Achieving the impossible to finance R&D for neglected diseases

A Question of Social Justice

Von Susanna Hausmann-Muela

When Ebola severely hit West Africa last year, the global community was largely unprepared – almost no drugs, no diagnostics, no vaccines – despite knowing of the disease’s existence for almost 40 years. The Ebola crisis made the global community wake up to the fact that in our interconnected world infectious diseases concern us all. New challenges lie ahead of us, with the (re-)emergence of communicable diseases and antimicrobial resistance on the rise worldwide. Investing in Research and Development (R&D) for health products against communicable diseases has increasingly become a matter of global security, and it is in everyone’s interest to have well prepared responses to emerging risks.

A Question of Social Justice

Kenyan Researchers (Photo: Anna Wang/zVg)

Neglected diseases as problems for security and social justice

Global needs and market failure

It is true that not every communicable disease threatens to become a global problem. Investing in Research and Development (R&D) for diseases that disproportionately affect the poor is also a matter of social justice and equity. As early as the 1990s, the Commission on Health Research for Development reported on the 10/90 gap to highlight the imbalance in research investment, estimating that less than 10% of the worldwide resources for health research were put towards health in developing countries, where over 90% of preventable deaths worldwide occurred. Although progress has been made, we are still far from correcting this imbalance. This is because the current drivers behind R&D investment simply do not work for poor people’s diseases. Globally, patents are the main policy tool driving investments in medical products R&D. Lack of investment is inherent in this system, since private companies are by nature profit-oriented. Industry has no market incentive to invest in products defined by global health needs or public priorities and targeted to populations with poor purchasing power.

Sleeping beauty or sleeping sickness? – Profit versus patients’ needs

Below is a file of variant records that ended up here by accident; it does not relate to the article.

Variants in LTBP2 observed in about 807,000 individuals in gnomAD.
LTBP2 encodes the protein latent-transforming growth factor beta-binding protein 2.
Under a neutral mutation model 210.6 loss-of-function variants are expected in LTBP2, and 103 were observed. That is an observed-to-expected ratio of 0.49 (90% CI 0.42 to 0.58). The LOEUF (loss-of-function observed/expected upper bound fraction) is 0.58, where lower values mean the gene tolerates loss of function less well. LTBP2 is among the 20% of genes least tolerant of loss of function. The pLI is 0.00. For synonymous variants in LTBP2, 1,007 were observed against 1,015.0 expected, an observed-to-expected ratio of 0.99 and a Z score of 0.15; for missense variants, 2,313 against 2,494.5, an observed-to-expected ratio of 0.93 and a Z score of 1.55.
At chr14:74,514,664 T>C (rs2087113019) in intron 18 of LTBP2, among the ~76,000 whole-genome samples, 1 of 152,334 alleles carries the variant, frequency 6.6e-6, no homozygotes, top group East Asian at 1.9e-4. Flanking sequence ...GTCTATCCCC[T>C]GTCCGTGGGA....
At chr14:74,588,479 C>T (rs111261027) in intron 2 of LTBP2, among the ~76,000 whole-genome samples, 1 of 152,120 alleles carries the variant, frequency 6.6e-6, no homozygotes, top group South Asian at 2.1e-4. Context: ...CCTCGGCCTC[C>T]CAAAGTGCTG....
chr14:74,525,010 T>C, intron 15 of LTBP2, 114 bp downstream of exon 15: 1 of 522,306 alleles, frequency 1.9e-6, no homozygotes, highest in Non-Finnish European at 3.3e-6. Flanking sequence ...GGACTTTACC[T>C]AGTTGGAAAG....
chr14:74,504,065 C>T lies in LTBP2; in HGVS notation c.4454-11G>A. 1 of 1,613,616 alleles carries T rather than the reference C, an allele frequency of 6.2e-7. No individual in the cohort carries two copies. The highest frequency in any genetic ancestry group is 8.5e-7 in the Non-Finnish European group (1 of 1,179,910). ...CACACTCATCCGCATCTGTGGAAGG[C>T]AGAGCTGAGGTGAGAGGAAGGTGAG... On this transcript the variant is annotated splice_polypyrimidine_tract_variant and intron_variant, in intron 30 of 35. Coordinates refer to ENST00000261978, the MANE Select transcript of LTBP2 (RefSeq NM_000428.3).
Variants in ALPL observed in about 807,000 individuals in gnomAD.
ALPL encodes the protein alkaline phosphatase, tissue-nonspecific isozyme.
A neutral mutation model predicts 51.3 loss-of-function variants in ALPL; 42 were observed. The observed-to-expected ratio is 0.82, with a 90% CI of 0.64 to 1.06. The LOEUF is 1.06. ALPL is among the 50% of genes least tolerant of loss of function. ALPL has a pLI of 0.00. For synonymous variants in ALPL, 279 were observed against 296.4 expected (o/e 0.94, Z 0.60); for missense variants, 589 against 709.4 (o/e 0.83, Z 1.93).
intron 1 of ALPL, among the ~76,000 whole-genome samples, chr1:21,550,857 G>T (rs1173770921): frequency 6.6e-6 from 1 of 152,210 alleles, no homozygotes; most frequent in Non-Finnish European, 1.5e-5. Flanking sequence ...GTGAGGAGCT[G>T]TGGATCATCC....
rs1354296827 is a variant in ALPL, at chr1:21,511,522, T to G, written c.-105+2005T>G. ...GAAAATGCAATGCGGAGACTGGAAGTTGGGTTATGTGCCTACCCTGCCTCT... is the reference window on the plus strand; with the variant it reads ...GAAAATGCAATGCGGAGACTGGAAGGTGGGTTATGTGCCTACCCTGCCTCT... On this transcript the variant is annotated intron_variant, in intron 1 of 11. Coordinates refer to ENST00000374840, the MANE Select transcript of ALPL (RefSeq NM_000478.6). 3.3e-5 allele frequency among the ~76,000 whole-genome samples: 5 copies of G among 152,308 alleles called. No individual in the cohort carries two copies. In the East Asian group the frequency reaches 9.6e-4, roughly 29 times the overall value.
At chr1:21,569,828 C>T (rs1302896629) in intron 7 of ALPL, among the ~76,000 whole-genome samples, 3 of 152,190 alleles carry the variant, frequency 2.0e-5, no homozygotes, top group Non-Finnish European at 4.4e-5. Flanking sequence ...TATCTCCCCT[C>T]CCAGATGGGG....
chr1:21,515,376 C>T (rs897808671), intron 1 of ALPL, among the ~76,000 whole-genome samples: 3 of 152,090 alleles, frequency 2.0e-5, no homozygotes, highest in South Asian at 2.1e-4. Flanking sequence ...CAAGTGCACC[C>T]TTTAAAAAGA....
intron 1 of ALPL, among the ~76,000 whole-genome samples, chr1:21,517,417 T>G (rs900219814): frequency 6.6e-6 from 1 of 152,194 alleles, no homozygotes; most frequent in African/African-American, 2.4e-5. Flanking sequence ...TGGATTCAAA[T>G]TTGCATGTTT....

R&D in drugs against African sleeping sickness speaks volumes of the consequences of patent and not patient-driven investment. For decades, there was only one treatment for the late stage of the deadly disease. Intravenously administered melarsoprol, an arsenic compound developed and introduced in 1949, is highly toxic and killed between 3% and 10% of patients treated (Robays et al.2008). The good news was that another drug, eflornithine, developed in the 1970s as a potential anti-cancer drug, was found in the 1980s to be active against late stage gambiense sleeping sickness and registered for treating the disease (Ollivier & Legros 2002). However, despite the life-saving properties for patients on the African continent, patent holder Aventis ended production in 1995 when the drug was found ineffective against cancer (MSF 2001). Profit-driven production resumed five years later, when the US Food and Drug Administration (FDA) granted a new drug application to eflornithine cream, for use in cosmetics as a prescription medication applied to the skin for the reduction of unwanted facial hair in women. After years of intense international pressure, in 2001, Aventis, supported by Médecins Sans Frontières, signed a long-term agreement with the World Health Organization to manufacture and donate the drug (MSF 2001). Today, eflornithine is used in combination with nifurtimox, a drug originally used to treat Chagas disease in Latin America. Since 2009, Nifurtimox-eflornithine combination therapy (NECT) is on the World Health Organization's List of Essential Medicines as the first-line treatment option for patients infected with advanced stages of gambiense sleeping sickness. Bayer Health Care (nifurtimox) and Sanofi-Aventis (eflornithine) promised continued support in the 2001 donation agreement, and in the London Declaration, signed in 2012 (pdf) by some of the biggest pharmaceutical companies, pledging to control ten NTDs including sleeping sickness. A new orally administered drug, fexinidazole, which is currently under clinical testing, is a promising future breakthrough that would take the treatment closer to the communities.